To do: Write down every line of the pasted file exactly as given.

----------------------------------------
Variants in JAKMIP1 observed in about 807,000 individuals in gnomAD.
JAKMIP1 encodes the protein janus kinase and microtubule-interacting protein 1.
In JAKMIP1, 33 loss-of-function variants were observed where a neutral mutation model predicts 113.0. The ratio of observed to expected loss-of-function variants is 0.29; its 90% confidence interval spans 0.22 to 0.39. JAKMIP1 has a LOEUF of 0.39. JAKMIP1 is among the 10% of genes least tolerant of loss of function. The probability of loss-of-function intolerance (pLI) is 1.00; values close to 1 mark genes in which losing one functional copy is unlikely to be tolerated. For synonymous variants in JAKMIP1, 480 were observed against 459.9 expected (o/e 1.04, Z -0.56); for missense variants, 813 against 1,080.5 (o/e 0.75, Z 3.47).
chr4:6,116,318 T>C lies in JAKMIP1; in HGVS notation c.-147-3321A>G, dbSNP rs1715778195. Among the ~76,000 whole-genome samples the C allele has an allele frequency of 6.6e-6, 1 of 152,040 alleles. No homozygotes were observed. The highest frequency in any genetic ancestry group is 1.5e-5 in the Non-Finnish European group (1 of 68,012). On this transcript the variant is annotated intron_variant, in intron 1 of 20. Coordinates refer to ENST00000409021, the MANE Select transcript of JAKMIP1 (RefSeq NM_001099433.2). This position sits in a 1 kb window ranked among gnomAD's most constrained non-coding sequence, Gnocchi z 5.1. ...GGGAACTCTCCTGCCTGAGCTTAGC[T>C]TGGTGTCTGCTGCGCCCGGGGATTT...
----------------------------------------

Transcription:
Variants in JAKMIP1 observed in about 807,000 individuals in gnomAD.
JAKMIP1 encodes the protein janus kinase and microtubule-interacting protein 1.
In JAKMIP1, 33 loss-of-function variants were observed where a neutral mutation model predicts 113.0. The ratio of observed to expected loss-of-function variants is 0.29; its 90% confidence interval spans 0.22 to 0.39. JAKMIP1 has a LOEUF of 0.39. JAKMIP1 is among the 10% of genes least tolerant of loss of function. The probability of loss-of-function intolerance (pLI) is 1.00; values close to 1 mark genes in which losing one functional copy is unlikely to be tolerated. For synonymous variants in JAKMIP1, 480 were observed against 459.9 expected (o/e 1.04, Z -0.56); for missense variants, 813 against 1,080.5 (o/e 0.75, Z 3.47).
chr4:6,116,318 T>C lies in JAKMIP1; in HGVS notation c.-147-3321A>G, dbSNP rs1715778195. Among the ~76,000 whole-genome samples the C allele has an allele frequency of 6.6e-6, 1 of 152,040 alleles. No homozygotes were observed. The highest frequency in any genetic ancestry group is 1.5e-5 in the Non-Finnish European group (1 of 68,012). On this transcript the variant is annotated intron_variant, in intron 1 of 20. Coordinates refer to ENST00000409021, the MANE Select transcript of JAKMIP1 (RefSeq NM_001099433.2). This position sits in a 1 kb window ranked among gnomAD's most constrained non-coding sequence, Gnocchi z 5.1. ...GGGAACTCTCCTGCCTGAGCTTAGC[T>C]TGGTGTCTGCTGCGCCCGGGGATTT...